Purchased by the National Park Service in the late 1940's, the painting was moved to the newly constructed park visitor center in 1962. The artistic work underwent a massive restoration project that required hours of hand labor to repair water damaged portions of the painting and two large sections faded by years of direct sunlight. The project was completed and the cyclorama re-opened for public viewing in 1962 with the dedication of the National Park Service Visitor Center, which was later renamed as the Cyclorama Center. The Gettysburg Cyclorama is 359 feet long, 27 feet high and weighs an estimated 3 tons.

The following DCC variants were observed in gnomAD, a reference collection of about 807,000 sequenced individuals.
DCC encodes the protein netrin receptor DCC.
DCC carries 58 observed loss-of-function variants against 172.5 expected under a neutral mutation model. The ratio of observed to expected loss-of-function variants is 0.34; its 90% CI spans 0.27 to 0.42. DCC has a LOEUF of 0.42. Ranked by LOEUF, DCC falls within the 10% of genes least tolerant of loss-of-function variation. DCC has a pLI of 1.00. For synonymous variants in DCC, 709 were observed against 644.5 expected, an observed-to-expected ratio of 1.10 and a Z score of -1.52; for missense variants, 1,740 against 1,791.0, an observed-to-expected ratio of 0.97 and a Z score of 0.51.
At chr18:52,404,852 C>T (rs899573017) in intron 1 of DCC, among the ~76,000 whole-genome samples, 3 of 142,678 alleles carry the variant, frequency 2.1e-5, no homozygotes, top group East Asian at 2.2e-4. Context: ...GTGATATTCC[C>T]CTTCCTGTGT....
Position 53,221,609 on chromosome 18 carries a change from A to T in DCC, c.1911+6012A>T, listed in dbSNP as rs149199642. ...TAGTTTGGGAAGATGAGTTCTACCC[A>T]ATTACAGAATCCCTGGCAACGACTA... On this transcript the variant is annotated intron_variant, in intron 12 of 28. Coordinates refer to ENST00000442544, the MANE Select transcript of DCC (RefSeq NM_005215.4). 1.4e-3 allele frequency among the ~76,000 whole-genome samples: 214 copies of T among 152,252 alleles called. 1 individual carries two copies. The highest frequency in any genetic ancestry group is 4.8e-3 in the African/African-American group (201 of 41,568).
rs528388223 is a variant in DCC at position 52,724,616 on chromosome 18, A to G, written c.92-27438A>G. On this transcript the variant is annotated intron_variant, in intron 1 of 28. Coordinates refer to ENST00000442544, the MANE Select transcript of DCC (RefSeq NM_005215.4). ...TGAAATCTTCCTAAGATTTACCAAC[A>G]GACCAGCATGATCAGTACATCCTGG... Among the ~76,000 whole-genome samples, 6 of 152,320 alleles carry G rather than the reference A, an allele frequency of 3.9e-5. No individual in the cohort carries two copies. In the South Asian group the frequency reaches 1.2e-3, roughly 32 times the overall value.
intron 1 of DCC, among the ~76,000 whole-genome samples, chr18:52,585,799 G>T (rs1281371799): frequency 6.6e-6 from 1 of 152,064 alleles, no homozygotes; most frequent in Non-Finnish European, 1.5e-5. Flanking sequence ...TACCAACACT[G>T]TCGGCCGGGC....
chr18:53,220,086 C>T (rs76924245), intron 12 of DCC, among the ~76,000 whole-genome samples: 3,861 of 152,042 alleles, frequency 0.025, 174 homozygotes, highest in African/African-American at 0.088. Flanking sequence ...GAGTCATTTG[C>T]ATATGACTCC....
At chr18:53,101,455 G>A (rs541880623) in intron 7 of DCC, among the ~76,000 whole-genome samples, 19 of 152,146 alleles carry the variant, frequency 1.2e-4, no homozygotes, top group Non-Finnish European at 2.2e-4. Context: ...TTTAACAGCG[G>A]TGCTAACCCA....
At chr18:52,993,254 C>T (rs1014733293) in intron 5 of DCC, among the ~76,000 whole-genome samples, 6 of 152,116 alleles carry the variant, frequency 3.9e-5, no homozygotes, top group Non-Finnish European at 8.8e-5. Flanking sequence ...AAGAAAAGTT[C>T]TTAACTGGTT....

The fate of the other Gettysburg Cycloramas has been less fortunate. The Chicago painting was eventually sold and was in private ownership until its donation to Wake Forest University in Winston-Salem, North Carolina. The painting has survived, though it is in desperate need of restoration and a permanent home. Two more versions of the Gettysburg Cyclorama were painted and exhibited, including one shown in Denver, Colorado. One of these was cut up for use as tents by native Americans on a Shoshone Indian Reservation after the turn of the century. The fate of the other painting is unknown.
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